Next up, expansion leaks. Yesterday, sources told ESPN the next two franchise slots confirmed for OWL are Paris and Guangzhou, China. The Guangzhou slot will be owned by Nenking Group, the umbrella company of Chinese billionaire Zhong Naixiong and the ownership group of Chinese Basketball Association team Guangzhou Long-Lions. Here’s a plot twist: the Paris slot will be owned by McCourt Global aka Frank McCourt, the former owner of the Los Angeles Dodgers and current owner of French FC Olympique de Marseille. As a reminder, slots for S2 are expected to sell for between $30-60 million depending on factors like population and player density within in the market. 

Lastly, I found this piece on how Blizzard convinced sports billionaires to buy into the Overwatch League really interesting. It follows the process of what it took to convince Bob Kraft to invest in a franchise, detailing what they were looking for (strong vision for the overall business), how the deal was done (handshakes and pizza), and how they decided to structure the team (take the Bill Belichick approach). On a personal note, I was in the arena for the World Cup at BlizzCon 2018, an event described in this piece as sort of a watershed moment for Bob and Jonathan Kraft. I find it incredible that from a skybox just upstairs, five of the biggest owners in traditional sports (the Krafts, the Kroenkes, Joe Lacob, Peter Guber, Wesley Edens) were quietly observing, contemplating their organization’s future in esports.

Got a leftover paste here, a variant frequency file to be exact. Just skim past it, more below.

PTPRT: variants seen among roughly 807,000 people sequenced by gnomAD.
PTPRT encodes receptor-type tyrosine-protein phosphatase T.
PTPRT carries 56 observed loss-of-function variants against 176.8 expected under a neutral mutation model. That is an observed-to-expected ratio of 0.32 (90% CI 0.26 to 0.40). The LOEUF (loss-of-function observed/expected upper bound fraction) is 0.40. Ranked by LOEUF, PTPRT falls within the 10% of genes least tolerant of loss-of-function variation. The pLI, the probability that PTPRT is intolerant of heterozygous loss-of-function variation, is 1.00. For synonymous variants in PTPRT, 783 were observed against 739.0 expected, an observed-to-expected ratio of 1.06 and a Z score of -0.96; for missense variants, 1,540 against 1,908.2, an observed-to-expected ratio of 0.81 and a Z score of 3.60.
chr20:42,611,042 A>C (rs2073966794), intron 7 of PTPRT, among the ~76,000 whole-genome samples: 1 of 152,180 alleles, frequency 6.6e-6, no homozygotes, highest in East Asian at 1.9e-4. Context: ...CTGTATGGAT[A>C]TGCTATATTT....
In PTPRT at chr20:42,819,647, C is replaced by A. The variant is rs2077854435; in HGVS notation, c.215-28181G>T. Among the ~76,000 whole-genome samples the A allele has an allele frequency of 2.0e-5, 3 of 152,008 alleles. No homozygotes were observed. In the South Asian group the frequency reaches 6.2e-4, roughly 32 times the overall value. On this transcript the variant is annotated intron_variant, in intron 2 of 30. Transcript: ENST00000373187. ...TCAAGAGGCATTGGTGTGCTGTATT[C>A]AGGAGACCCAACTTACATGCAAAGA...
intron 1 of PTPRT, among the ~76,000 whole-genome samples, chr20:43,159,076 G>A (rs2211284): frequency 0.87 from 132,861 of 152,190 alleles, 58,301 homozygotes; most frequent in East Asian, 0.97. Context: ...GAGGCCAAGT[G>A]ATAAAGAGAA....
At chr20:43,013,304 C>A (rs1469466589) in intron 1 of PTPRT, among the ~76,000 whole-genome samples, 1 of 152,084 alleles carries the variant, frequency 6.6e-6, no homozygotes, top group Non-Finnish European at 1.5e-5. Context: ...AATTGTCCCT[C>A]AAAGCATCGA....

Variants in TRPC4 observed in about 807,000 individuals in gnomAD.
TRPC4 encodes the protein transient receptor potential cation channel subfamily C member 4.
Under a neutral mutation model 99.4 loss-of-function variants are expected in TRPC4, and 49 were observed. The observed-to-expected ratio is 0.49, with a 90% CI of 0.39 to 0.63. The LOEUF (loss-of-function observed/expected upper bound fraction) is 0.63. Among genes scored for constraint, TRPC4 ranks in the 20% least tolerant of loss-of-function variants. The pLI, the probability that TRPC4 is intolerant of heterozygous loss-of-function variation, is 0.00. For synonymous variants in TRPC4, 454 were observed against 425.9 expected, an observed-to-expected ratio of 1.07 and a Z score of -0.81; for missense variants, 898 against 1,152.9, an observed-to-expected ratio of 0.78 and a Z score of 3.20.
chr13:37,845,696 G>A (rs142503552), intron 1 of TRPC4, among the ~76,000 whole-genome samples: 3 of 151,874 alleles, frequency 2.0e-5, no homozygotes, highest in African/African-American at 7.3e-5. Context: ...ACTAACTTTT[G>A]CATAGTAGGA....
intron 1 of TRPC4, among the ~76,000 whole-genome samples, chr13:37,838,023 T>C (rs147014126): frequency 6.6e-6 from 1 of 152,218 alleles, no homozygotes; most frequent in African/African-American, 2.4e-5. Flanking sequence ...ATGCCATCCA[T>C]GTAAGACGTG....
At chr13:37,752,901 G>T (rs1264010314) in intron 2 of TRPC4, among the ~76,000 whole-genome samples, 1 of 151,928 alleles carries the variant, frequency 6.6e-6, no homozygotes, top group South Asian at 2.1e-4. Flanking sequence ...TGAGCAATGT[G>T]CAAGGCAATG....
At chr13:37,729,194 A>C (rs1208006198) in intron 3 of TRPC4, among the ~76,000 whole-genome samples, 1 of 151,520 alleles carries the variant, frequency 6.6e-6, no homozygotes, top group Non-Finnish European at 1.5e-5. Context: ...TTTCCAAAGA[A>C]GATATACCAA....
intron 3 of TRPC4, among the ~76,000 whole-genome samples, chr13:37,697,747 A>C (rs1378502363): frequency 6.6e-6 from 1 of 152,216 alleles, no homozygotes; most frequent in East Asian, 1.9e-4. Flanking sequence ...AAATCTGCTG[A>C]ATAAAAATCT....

MOBILE
More than just Candy Crush